Nissan is marking 35 years of production at its Sunderland factory with a one-off electric version of the first car it built there: the Bluebird.
The Bluebird – which was succeeded by the Primera and then the Qashqai – entered production in summer 1986. It was the first in a long line of UK-built Nissan models that includes the Micra, Almera, Note and Juke, plus premium offshoot Infinti’s Q30 and QX30.
Today, the site builds the Qashqai and Juke alongside the Leaf, which supplies the electric drivetrain and battery for the commemorative one-off Bluebird.
Called the Newbird, it has been heavily modified to accommodate the Leaf’s innards. The engine and gearbox make way for a 150bhp electric motor that drives the front wheels, giving a 0-62mph time of just under 15sec.
Modifications have been made to the power steering, brakes and heating system to enable them to run without an internal combustion engine.
The entry-level Leaf’s 40kWh battery is carried over, too. The modules are split between the engine bay and boot for optimised weight distribution, although the suspension has still been upgraded to account for the added heft.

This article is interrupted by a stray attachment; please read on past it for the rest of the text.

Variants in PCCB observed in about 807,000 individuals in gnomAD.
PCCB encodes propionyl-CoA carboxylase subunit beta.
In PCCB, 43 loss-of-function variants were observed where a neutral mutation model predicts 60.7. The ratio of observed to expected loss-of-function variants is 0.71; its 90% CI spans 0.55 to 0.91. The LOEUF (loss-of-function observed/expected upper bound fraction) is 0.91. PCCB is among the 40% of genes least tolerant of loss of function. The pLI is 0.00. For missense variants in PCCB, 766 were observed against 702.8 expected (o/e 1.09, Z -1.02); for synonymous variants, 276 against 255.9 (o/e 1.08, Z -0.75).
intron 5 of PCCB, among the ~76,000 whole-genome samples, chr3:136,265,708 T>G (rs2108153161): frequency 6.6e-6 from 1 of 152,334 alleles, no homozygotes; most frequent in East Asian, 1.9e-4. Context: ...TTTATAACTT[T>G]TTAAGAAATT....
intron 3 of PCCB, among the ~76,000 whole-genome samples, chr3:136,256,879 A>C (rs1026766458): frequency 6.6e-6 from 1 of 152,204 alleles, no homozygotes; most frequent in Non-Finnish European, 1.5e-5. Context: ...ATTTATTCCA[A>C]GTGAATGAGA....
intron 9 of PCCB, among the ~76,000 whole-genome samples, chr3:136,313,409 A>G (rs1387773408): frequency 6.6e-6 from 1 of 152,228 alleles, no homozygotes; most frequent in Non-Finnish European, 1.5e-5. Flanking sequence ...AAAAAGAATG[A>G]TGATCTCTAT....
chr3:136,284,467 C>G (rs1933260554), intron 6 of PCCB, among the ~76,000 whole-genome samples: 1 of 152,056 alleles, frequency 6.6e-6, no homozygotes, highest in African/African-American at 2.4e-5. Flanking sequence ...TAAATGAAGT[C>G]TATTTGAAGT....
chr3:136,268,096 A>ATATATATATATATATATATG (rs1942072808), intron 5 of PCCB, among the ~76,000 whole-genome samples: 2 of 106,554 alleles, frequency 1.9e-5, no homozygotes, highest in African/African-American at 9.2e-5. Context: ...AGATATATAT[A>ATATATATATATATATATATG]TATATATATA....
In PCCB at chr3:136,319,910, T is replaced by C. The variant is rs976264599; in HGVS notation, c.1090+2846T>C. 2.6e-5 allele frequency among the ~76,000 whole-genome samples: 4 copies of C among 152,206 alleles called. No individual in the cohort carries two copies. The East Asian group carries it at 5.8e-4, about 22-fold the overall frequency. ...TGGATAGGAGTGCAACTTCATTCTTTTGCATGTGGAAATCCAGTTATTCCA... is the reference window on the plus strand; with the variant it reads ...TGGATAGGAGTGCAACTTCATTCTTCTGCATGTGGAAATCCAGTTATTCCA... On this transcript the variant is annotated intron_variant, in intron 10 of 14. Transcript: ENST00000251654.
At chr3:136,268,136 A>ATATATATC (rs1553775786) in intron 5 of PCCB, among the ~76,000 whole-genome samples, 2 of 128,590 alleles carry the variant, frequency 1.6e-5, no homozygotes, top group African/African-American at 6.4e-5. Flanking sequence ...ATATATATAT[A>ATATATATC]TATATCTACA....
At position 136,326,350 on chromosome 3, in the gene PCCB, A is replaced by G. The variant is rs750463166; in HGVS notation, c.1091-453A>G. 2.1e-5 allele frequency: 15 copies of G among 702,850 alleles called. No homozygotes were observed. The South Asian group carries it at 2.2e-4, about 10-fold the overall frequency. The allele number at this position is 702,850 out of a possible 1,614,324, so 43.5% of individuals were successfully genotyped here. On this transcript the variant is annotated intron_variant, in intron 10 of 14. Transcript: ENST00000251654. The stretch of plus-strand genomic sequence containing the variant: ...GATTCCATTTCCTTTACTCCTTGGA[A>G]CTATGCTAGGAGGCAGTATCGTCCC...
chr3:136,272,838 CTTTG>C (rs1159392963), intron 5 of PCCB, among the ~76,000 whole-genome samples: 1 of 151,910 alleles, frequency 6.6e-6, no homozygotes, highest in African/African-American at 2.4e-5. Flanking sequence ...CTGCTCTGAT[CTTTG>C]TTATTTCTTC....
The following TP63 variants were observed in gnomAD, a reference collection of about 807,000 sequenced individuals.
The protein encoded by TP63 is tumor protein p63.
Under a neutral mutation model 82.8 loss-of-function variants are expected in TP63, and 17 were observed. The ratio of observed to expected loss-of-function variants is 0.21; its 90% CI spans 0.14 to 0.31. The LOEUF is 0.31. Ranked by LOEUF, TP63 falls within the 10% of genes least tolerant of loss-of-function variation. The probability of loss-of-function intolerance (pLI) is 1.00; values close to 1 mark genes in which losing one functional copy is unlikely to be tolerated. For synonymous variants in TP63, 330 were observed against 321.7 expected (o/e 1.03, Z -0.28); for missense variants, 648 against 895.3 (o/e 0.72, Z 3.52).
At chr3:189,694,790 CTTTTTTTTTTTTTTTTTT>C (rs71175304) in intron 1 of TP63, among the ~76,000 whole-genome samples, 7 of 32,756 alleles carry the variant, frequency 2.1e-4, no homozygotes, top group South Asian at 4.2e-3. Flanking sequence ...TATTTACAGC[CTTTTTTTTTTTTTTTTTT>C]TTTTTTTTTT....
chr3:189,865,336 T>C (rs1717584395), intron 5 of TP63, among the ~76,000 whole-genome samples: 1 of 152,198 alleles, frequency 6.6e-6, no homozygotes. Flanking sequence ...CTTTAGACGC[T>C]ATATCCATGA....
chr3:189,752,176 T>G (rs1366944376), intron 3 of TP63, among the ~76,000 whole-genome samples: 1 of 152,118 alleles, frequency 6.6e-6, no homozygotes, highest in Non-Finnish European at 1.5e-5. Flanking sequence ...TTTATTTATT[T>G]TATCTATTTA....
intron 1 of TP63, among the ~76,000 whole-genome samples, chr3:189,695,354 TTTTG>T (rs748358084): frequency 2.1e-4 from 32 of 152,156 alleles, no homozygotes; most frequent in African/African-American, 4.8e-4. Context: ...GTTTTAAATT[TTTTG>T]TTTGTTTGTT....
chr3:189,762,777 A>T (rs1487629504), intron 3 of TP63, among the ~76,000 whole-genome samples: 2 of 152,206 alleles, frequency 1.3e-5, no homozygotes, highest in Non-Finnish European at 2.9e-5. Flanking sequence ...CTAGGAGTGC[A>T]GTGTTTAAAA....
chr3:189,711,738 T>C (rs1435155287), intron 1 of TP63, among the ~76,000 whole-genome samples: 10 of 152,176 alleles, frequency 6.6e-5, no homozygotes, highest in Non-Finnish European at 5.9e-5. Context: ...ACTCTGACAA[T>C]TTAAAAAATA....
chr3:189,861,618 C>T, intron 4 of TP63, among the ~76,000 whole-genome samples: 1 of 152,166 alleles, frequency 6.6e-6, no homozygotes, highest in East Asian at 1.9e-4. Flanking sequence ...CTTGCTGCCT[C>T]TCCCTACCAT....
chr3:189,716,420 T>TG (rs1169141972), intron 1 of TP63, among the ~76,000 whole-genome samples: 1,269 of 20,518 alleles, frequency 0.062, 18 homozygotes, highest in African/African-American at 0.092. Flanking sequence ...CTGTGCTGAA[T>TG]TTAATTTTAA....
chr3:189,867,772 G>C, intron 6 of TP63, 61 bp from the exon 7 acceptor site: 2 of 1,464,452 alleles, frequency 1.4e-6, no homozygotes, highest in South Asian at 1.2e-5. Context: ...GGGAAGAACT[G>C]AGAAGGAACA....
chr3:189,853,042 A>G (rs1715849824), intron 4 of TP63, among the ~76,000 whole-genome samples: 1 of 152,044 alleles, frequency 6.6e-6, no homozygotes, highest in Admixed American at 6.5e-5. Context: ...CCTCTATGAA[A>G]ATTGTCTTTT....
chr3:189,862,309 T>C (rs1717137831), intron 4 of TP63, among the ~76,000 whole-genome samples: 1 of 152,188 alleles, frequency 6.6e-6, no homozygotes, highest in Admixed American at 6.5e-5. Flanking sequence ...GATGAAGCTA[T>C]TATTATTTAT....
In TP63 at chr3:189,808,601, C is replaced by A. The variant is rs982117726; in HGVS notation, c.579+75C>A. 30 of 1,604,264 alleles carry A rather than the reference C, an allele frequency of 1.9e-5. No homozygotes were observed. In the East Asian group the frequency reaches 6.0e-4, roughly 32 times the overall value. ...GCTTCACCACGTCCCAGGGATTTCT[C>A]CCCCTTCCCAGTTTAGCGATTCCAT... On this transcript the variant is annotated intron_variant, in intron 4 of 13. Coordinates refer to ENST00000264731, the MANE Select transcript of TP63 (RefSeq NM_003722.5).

The battery can be charged at rates of up to 6.6kW (via a charging port underneath the original fuel flap) and is said to offer a range of around 130 miles.
Apart from the charging port, an illuminated front badge and new EV-specific gauges, the Newbird is visually unaltered over the original car. It wears a 1980s-inspired livery inspired by contemporary consumer technology.
The conversion was carried out by Kinghorn Electric Vehicles, based near Sunderland, which specialises in converting classic cars to electric power.